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  1. Definitional Argument in Evolutionary Psychology and Cultural Anthropology.John P. Jackson - 2010 - Science in Context 23 (1):121.
    An old aphorism claims that “The person who defines the terms of the debate can win it.” This paper argues that the debate between evolutionary psychologists and cultural anthropologists over the biological explanation of human behavior is framed by a larger definitional dispute over the question, “What is culture?” Both disciplines attempt to define “culture” to build their disciplines, but were engaged in different kinds of arguments by definition. Definitional arguments often take one of two forms. A real definition takes (...)
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  • Genetic Determinism and the Innate-Acquired Distinction in Medicine.Maria E. Kronfeldner - 2009 - Medicine Studies (2):167-181.
    This article illustrates in which sense genetic determinism is still part of the contemporary interactionist consensus in medicine. Three dimensions of this consensus are discussed: kinds of causes, a continuum of traits ranging from monogenetic diseases to car accidents, and different kinds of determination due to different norms of reaction. On this basis, this article explicates in which sense the interactionist consensus presupposes the innate?acquired distinction. After a descriptive Part 1, Part 2 reviews why the innate?acquired distinction is under attack (...)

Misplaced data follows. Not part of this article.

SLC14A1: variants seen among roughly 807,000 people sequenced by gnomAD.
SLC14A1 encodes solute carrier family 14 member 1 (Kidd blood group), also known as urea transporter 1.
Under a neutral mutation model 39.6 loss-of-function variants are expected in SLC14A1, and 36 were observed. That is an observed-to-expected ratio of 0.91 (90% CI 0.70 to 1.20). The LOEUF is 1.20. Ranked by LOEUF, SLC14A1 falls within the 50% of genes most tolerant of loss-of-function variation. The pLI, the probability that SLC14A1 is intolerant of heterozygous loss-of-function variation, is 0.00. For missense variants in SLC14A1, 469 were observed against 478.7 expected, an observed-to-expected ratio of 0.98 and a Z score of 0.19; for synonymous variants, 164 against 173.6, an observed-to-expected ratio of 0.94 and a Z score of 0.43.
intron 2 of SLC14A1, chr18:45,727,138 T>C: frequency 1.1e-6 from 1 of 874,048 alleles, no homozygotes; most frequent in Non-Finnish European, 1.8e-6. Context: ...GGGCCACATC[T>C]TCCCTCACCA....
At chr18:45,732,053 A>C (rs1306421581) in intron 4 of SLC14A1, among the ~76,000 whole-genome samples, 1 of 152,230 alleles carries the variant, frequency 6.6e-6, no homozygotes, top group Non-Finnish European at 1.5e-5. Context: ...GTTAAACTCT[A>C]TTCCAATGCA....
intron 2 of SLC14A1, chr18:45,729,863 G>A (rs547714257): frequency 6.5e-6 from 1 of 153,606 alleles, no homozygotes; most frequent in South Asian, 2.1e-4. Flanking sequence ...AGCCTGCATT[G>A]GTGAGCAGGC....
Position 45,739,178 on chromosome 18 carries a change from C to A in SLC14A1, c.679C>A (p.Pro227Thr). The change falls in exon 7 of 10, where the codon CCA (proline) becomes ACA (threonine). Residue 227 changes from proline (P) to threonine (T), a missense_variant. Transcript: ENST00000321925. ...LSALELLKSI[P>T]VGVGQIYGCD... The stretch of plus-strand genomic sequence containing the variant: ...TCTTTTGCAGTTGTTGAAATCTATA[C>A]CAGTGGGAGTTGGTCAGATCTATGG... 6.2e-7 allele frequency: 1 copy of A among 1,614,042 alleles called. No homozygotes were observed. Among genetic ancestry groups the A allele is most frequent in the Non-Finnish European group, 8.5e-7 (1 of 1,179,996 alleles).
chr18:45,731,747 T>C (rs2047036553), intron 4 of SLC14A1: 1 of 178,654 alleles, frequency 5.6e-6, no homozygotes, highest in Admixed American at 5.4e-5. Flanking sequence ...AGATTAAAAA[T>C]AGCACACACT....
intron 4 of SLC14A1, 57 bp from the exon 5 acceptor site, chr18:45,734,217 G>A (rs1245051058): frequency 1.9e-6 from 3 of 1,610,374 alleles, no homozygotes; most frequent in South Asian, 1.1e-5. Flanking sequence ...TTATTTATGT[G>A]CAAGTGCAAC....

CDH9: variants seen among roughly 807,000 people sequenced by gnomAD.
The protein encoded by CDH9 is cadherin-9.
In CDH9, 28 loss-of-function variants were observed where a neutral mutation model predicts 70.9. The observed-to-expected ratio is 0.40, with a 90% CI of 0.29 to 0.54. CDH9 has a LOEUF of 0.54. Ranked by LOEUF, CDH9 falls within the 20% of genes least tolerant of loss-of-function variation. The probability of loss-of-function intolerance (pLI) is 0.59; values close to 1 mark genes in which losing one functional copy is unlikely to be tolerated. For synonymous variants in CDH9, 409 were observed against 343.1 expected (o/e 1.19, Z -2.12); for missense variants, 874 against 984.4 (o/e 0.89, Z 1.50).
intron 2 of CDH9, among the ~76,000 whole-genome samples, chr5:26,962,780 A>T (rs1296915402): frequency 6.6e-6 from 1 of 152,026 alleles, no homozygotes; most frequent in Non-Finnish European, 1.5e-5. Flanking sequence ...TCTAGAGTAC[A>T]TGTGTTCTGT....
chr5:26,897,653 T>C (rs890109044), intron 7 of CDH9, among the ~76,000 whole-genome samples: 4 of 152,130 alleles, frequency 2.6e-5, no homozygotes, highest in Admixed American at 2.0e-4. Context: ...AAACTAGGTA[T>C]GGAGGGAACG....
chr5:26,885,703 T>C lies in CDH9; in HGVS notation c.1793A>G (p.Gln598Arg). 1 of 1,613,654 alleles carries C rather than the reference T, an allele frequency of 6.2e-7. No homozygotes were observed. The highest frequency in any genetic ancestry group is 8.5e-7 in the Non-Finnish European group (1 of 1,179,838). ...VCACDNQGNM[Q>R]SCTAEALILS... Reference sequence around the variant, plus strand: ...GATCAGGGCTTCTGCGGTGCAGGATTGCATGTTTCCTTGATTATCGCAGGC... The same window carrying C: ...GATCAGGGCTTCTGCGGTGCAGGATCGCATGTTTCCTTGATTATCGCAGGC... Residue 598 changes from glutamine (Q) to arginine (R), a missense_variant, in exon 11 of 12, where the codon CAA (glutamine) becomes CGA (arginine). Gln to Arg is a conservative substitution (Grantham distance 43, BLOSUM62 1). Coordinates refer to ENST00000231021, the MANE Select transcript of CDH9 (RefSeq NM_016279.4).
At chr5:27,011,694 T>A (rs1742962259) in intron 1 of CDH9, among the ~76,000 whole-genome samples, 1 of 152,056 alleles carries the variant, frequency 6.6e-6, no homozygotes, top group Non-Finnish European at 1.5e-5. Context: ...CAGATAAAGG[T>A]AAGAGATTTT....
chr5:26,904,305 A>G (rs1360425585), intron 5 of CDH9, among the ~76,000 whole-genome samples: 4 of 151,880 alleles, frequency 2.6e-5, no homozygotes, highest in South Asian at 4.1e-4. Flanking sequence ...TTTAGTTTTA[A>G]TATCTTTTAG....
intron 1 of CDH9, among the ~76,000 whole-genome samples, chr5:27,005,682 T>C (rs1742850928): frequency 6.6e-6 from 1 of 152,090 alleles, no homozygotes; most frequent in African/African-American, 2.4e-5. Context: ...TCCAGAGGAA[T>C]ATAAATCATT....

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  • Genetic Determinism and the Innate-Acquired Distinction.Maria Kronfeldner - 2009 - Medicine Studies 1 (2):167-181.
    This article illustrates in which sense genetic determinism is still part of the contemporary interactionist consensus in medicine. Three dimensions of this consensus are discussed: kinds of causes, a continuum of traits ranging from monogenetic diseases to car accidents, and different kinds of determination due to different norms of reaction. On this basis, this article explicates in which sense the interactionist consensus presupposes the innate?acquired distinction. After a descriptive Part 1, Part 2 reviews why the innate?acquired distinction is under attack (...)
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  • Genetic Representation Explains the Cluster of Innateness‐Related Properties.Nicholas Shea - 2012 - Mind and Language 27 (4):466-493.
    The concept of innateness is used to make inferences between various better-understood properties, like developmental canalization, evolutionary adaptation, heritability, species-typicality, and so on (‘innateness-related properties’). This article uses a recently-developed account of the representational content carried by inheritance systems like the genome to explain why innateness-related properties cluster together, especially in non-human organisms. Although inferences between innateness-related properties are deductively invalid, and lead to false conclusions in many actual cases, where some aspect of a phenotypic trait develops in reliance on (...)
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